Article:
-- Another solid outing for rookie: Coming off a strong 6 1/3-inning outing against the New York Yankees, Cotton again looked in control Friday before having to leave. The right-hander held the Sox to three hits over his five innings, striking out three and walking one. It’s unknown whether the blister will affect his availability for his next start, but the A’s learned with Rich Hill last season how nagging a blister can be for a starter.

-- Ninth-inning nerves: The final score didn’t indicate how tense things got for Oakland in the ninth. Closer Santiago Casilla gave up two singles to start the inning. After Avisail Garcia flied out, Todd Frazier hit a pop up behind first. Yonder Alonso couldn’t haul it in and the ball dropped, but Alonso alertly threw to second to get a force out. Then Matt Davidson sent a deep fly ball to center that Jaycob Brugman hauled in at the warning track.

--- Joyce powers up: In the fifth, Matt Joyce lit into a 3-2 pitch from Pelfrey and homered to center field to put the A’s ahead 3-0. It was the ninth homer for Joyce, who continues to provide some of the spark the A’s are looking for in the leadoff spot.

-- A double ejection: : White Sox shortstop Tim Anderson and manager Rick Renteria both were ejected for arguing a fifth-inning play after Anderson hit a dribbler near home plate that surprised him by being called fair.

Sharks' draft pick Norris possesses 'Logan Couture attributes'

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USATSI

Sharks' draft pick Norris possesses 'Logan Couture attributes'

CHICAGO – Sharks general manager Doug Wilson is typically restrained in his public praise for players in the system. “We don’t like to over promote our prospects” is a phrase he’s used countless times.

That’s what made his instant comparison of Sharks first round pick center Josh Norris to a current core player so unexpected.

“We think – I hate doing this, but I’m going to – [Norris has] a lot of the Logan Couture attributes to him,” Wilson said on Friday at United Center, shortly after presenting Norris with a teal sweater.

Wilson also made note of Norris’ confidence, which was evident in the 18-year-old’s media availability. Norris described himself as “a 200-foot player. I think I can give you a little bit of everything: power play, penalty kill, faceoffs, can chip in offensively. I think I kind of do a little bit of everything.” He added that he attempts to pattern his game to Maple Leafs center Tyler Bozak.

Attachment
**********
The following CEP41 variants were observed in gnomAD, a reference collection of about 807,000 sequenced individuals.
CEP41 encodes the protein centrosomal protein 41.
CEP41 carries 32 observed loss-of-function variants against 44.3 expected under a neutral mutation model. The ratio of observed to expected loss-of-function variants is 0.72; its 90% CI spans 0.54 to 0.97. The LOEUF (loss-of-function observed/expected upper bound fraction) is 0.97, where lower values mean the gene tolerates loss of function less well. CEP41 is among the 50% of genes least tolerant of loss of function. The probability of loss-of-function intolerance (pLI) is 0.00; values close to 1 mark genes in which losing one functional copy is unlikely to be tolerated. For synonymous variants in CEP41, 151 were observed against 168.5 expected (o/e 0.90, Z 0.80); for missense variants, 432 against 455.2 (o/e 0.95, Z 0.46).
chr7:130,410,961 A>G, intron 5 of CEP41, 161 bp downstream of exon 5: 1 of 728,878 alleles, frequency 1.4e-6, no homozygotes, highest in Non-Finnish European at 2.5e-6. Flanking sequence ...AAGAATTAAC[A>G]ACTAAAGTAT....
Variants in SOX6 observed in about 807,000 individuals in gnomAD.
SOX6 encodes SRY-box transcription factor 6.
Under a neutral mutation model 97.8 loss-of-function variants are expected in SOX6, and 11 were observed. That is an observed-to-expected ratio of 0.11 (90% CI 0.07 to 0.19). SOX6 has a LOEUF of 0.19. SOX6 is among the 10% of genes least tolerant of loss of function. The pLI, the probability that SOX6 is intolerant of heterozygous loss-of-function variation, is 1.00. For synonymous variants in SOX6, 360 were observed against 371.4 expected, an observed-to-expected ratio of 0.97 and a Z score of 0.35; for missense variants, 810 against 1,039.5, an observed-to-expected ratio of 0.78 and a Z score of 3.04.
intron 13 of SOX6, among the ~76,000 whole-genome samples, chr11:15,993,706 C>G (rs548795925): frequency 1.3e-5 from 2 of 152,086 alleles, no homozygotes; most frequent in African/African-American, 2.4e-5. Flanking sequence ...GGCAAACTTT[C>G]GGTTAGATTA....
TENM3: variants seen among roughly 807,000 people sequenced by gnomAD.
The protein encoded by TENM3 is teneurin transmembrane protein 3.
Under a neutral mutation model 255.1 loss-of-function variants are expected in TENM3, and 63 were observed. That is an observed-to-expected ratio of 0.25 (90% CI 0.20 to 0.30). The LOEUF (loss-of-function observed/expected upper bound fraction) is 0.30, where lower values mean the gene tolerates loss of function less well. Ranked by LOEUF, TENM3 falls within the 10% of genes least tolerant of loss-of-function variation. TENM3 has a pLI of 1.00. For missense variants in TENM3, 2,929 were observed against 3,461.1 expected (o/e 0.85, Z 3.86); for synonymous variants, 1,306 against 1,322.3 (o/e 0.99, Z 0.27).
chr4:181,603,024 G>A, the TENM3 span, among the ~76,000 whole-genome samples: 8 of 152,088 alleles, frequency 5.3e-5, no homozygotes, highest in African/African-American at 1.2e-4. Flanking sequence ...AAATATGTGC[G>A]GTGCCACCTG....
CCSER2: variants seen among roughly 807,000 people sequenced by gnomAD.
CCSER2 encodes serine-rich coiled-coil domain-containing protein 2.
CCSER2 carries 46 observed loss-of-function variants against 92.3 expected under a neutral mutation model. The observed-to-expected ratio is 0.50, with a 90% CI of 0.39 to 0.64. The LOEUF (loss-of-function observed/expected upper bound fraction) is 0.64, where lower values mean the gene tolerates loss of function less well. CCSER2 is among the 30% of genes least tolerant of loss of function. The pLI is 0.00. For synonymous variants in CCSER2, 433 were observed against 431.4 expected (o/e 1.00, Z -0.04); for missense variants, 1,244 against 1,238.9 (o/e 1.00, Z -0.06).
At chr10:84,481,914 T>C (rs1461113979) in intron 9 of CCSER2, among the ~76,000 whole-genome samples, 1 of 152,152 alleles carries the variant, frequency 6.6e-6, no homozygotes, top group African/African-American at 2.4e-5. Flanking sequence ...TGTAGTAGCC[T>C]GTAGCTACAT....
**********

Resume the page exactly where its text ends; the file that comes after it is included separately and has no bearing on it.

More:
Like most players that aren’t top five selections, Norris isn’t likely to make the NHL roster in the fall. He’s set to attend the University of Michigan in the fall.

Still, Wilson suggested that it might not take long for the six-foot, 189-pound Oxford, Michigan native to make the leap.

“He’s a kid, the way he plays and the way he thinks, he potentially could fast track. So, we’ll see,” Wilson said.

Norris had some familial help on his journey to draft day. His father Dwayne had a few cups of coffee in the NHL with the Quebec Nordiques more than two decades ago, playing 20 career games from 1993-96.

Dwayne Norris was right there to congratulate his son, who was no sure thing to go in the first round as the 34th ranked North American skater, according to NHL Central Scouting.

“He just said how proud of me he was, and it was kind of a big moment we had that I’ll remember for the rest of my life,” Norris said about his conversation with his father.

Norris’ stats suggest he has an ability to create offense, as he posted 27 goals and 61 points in 61 games for the U.S. National Under-18 team last season, and added 12 goals and 26 points in 25 games in the USHL.

“I think I’m a little bit of a goal scorer and a playmaker,” Norris said. “I think I’m really good in my defensive zone. I think I have a lot of upside on the offensive side of my game that I’m going to continue to work on.”

Wilson said: “We think he’s a mature player.”

Norris had a strong showing at the NHL combine, leading all 104 draft-eligible players in attendance in five of the 14 fitness tests. Those results, along with a strong interview, made Norris an appealing target for San Jose.

“He’s arguably one of the most athletic guys in the combine,” Wilson said. “His interview was phenomenal. If you go back in his history in big games he’s stepped up in a big way, and that’s the type of guy we’re looking for.”

Norris, who played baseball as a shortstop until age 13, said: “I wasn’t too nervous going to the combine. … I just tried to make good impressions on teams. The physical testing aspect of it, I’ve always been a pretty good athlete.”

Barring any unforeseen circumstances, Norris will make his first-ever trip to California in early July to take part in the Sharks’ development camp.

* * *

Just before the Sharks’ contingent made its way to the stage to select Norris, Wilson was spotted talking with Washington general manager Brian MacLellan. After a brief exchange, MacLellan shook his head, and Wilson went back to the San Jose table and gathered his group to head to the podium.

Asked about the chat, Wilson said it was not about the 19th overall pick.

“We were actually looking at some other things, some other picks that we had,” Wilson said. “Some teams had reached out to us, and we’re planting our seeds a little bit for tomorrow already.”

The draft concludes on Saturday, with the second round beginning at 7 a.m. PT.